There is a great wealth of writing on this subject by Anglican Divines, and one finds this writing long before the Oxford Movement was even a glimmer in Newman’s eye. Richard Hooker writes extensively on the topic in The Laws of Ecclesiastical Polity, particularly in Book VII. “That so the ancient Fathers did think of episcopal regiment,” says Hooker, “that they held this order as a thing received from the blessed Apostles themselves, and authorized even from heaven…” Hooker invokes the giving of the keys to Peter in Matthew 16, the giving of the Holy Spirit to the apostles in John 21, the authority that is granted to Matthias in Acts 1 where the word episcope is applied to his apostolic office, and the command of Paul to Titus that, as bishop, he should go to Crete and ordain presbyters (Titus 1:5-9).
According to Hooker and the other Divines, by right of succession, bishops stand within local churches as representatives of the apostles and are therefore called to be pastors not just of the laity but of other pastors. They are given the exclusive power to ordain and to excommunicate. While there were many priests in each city in the ancient world, only one bishop was ordained, and that bishop’s name was the one included in that city’s lineage that was used to denote that the church there was a true church. Moreover, the work of preaching and celebrating the sacraments that is done by priests as well as bishops is grounded in episcopacy. As Hooker puts it, “The Presbyter’s authority to do these things is derived from the Bishop which doth ordain him thereunto, so that even in those things which are common unto both, yet the power of the one is as it were a certain light borrowed from the other’s lamp.”
Episcopacy as a means of Grace
Bishops are not simply a nicety but a necessity. Preaching at the consecration of Francis White in 1626, John Cosin eloquently expresses the Church’s need for episcopacy:
[Jesus], sent by His Father to be a Mediator for mankind, and to reconcile the world by His death and sacrifice upon the cross; [the Apostles and Bishops], sent by Him, to mediate and to pray for the people, to be ministers of the reconciliation, as St. Paul speaks, and in a manner, to be sacrificers too, representers at the Altar here, and appliers of the Sacrifice once made for all; without which last act, the first will do us no good.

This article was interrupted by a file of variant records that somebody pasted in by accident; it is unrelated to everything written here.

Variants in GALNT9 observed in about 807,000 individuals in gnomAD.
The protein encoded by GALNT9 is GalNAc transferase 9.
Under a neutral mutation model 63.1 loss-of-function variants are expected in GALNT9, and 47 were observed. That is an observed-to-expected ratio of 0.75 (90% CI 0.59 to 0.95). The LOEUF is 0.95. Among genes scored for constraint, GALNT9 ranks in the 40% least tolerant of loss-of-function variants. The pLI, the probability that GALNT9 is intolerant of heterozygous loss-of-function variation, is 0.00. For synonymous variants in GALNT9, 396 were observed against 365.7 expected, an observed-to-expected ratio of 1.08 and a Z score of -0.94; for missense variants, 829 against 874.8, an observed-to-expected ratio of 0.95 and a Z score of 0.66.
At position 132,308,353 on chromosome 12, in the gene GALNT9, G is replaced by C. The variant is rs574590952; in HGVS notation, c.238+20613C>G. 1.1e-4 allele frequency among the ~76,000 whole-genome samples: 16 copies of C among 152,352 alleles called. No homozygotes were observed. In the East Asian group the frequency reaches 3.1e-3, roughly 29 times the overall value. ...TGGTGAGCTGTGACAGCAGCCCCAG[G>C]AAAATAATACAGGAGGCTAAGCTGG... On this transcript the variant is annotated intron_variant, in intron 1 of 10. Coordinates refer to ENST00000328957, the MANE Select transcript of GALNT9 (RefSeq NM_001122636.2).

The grace which saves us comes to us by Christ alone in His sacrifice upon the cross, but the way we receive that grace is through His Word preached and His sacraments celebrated. The authority to be Ministers of Word and Sacrament is left to the apostles alone, who pass it on to the bishops alone, who share it with the presbyters in a limited fashion but always with reference back to their own apostolic ministry. In the absence of bishops, the Church ceases to be the Church.
The Non-Episcopal Reformed Churches
Of course, the Divines were willing to make certain limited exceptions. The Divines knew that the Church of England owed a debt of gratitude to the continental Reformers and so they were extremely reluctant to say anything that would question the faith or salvation of their Reformed brethren. The Divines argue that Christians on the continent were in a bind at the time of the Reformation because they had no bishops available to them who proclaimed the true faith. They were forced to establish alternative governance and even alternative orders in the short term to guard the faith and make sure that it did not die out in their countries. The Divines suggest that in such extreme cases it may be necessary for churches to function with non-episcopal orders, just as in extreme cases it may be necessary for a lay person to baptize.